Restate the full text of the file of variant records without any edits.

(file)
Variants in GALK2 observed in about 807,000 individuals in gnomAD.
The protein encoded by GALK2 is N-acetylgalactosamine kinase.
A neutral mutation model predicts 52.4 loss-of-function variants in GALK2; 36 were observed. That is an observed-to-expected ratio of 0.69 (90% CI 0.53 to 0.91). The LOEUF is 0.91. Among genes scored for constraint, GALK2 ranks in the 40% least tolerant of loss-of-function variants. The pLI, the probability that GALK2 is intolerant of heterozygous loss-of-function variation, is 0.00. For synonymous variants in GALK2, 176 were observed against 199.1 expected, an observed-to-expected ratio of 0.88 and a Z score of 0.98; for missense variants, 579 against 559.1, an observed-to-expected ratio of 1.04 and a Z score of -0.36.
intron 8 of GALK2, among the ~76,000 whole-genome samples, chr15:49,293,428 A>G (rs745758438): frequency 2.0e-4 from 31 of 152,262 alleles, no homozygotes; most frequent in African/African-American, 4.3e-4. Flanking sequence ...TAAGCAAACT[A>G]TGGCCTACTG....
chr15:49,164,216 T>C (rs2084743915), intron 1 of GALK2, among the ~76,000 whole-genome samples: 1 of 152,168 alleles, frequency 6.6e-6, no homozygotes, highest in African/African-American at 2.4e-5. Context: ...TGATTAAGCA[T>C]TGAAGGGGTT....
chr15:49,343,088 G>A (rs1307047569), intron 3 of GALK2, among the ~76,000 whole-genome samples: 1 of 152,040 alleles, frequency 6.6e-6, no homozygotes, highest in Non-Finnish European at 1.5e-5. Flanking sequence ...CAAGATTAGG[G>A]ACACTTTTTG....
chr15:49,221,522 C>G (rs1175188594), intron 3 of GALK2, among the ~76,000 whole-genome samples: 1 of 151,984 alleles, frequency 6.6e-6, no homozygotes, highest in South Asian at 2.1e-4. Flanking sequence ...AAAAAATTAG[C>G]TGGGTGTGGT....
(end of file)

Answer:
Variants in GALK2 observed in about 807,000 individuals in gnomAD.
The protein encoded by GALK2 is N-acetylgalactosamine kinase.
A neutral mutation model predicts 52.4 loss-of-function variants in GALK2; 36 were observed. That is an observed-to-expected ratio of 0.69 (90% CI 0.53 to 0.91). The LOEUF is 0.91. Among genes scored for constraint, GALK2 ranks in the 40% least tolerant of loss-of-function variants. The pLI, the probability that GALK2 is intolerant of heterozygous loss-of-function variation, is 0.00. For synonymous variants in GALK2, 176 were observed against 199.1 expected, an observed-to-expected ratio of 0.88 and a Z score of 0.98; for missense variants, 579 against 559.1, an observed-to-expected ratio of 1.04 and a Z score of -0.36.
intron 8 of GALK2, among the ~76,000 whole-genome samples, chr15:49,293,428 A>G (rs745758438): frequency 2.0e-4 from 31 of 152,262 alleles, no homozygotes; most frequent in African/African-American, 4.3e-4. Flanking sequence ...TAAGCAAACT[A>G]TGGCCTACTG....
chr15:49,164,216 T>C (rs2084743915), intron 1 of GALK2, among the ~76,000 whole-genome samples: 1 of 152,168 alleles, frequency 6.6e-6, no homozygotes, highest in African/African-American at 2.4e-5. Context: ...TGATTAAGCA[T>C]TGAAGGGGTT....
chr15:49,343,088 G>A (rs1307047569), intron 3 of GALK2, among the ~76,000 whole-genome samples: 1 of 152,040 alleles, frequency 6.6e-6, no homozygotes, highest in Non-Finnish European at 1.5e-5. Flanking sequence ...CAAGATTAGG[G>A]ACACTTTTTG....
chr15:49,221,522 C>G (rs1175188594), intron 3 of GALK2, among the ~76,000 whole-genome samples: 1 of 151,984 alleles, frequency 6.6e-6, no homozygotes, highest in South Asian at 2.1e-4. Flanking sequence ...AAAAAATTAG[C>G]TGGGTGTGGT....